Battle of Quatre Bras
June 16, 1815
Napoleon had successfully prevented the British and Prussian armies from uniting and facing him with a combined force. While Napoleon and the right wing of the army attacked the Prussians at Ligny, Marshal Ney with the left wing of the army encountered the British at the critical crossroads of Quatre Bras. Ney launched an attack but the French took their time, and as the British commander the Duke of Wellington recognized the threat, more and more reinforcements streamed to the British. Meanwhile, an entire French corps under General Drouet d'Erlon that Ney had been counting on failed to arrive due to receiving contradictory orders from the imperial headquarters to march for Ligny. In the end, Drouet d'Erlon's I Corps did not fight at either Ligny or Quatres Bras despite having received orders to fight at both. After fighting to a stalemate, the British withdrew the next day and the French controlled the crossroads.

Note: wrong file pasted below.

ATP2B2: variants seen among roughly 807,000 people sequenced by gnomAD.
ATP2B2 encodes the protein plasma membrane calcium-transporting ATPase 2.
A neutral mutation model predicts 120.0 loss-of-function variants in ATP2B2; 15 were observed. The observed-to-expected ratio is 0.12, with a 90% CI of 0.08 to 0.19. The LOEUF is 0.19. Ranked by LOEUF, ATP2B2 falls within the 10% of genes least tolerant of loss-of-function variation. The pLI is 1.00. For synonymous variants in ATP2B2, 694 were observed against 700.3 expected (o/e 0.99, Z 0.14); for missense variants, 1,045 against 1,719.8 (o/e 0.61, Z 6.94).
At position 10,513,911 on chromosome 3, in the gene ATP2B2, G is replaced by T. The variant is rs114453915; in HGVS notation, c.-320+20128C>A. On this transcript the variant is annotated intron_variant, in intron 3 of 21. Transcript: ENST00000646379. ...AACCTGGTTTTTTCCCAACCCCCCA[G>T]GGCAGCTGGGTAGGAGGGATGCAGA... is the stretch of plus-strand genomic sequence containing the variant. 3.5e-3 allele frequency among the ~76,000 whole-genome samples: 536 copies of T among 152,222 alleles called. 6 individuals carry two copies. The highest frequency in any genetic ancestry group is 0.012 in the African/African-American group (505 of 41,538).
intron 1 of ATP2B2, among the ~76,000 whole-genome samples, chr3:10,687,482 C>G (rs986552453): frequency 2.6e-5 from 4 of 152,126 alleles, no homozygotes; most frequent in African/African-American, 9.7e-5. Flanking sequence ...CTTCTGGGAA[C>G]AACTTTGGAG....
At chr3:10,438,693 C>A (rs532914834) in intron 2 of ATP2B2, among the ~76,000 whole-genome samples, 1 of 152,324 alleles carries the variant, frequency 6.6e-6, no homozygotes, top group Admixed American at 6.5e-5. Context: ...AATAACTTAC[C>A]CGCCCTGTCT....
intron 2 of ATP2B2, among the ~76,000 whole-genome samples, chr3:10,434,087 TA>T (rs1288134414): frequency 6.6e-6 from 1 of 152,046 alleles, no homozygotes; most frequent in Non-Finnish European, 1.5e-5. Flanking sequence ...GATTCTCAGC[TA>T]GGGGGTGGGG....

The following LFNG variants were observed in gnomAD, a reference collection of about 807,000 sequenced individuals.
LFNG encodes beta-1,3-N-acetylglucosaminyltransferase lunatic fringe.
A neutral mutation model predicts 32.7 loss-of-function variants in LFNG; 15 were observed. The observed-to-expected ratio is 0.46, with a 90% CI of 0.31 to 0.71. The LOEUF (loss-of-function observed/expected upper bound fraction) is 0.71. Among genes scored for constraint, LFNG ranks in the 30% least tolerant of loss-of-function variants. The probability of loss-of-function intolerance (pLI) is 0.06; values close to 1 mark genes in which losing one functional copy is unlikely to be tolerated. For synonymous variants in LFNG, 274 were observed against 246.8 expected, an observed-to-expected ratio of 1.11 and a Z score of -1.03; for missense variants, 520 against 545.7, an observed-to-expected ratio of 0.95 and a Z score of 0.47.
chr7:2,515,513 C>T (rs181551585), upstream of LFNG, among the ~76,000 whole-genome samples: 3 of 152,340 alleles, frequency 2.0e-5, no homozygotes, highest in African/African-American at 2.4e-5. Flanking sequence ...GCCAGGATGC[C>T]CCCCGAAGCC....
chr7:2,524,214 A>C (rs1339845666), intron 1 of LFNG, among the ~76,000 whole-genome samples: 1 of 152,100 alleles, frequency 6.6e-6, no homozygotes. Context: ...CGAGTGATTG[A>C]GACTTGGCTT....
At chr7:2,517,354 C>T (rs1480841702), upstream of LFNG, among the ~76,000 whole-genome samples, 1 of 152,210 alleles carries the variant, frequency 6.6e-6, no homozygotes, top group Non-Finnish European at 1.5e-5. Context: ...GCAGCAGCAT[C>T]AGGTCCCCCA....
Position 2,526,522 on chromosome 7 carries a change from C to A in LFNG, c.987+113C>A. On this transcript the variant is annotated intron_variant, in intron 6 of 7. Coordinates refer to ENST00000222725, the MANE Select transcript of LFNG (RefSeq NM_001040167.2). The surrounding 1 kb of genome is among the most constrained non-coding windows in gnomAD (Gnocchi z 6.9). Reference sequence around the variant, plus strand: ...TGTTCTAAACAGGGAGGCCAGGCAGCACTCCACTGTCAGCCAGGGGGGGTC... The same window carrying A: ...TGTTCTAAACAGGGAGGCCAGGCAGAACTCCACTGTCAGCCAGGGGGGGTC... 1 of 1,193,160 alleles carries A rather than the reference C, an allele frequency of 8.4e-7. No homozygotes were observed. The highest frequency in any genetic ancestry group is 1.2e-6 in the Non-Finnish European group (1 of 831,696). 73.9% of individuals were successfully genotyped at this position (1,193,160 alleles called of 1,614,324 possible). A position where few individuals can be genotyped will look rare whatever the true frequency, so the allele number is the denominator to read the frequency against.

- Chandler, David G. Dictionary of the Napoleonic Wars. New York: Macmillan Publishing Co., Inc., 1979.
- Smith, Digby. The Greenhill Napoleonic Wars Data Book. London: Greenhill Books: 1998.
Updated January 2014
© Nathan D. Jensen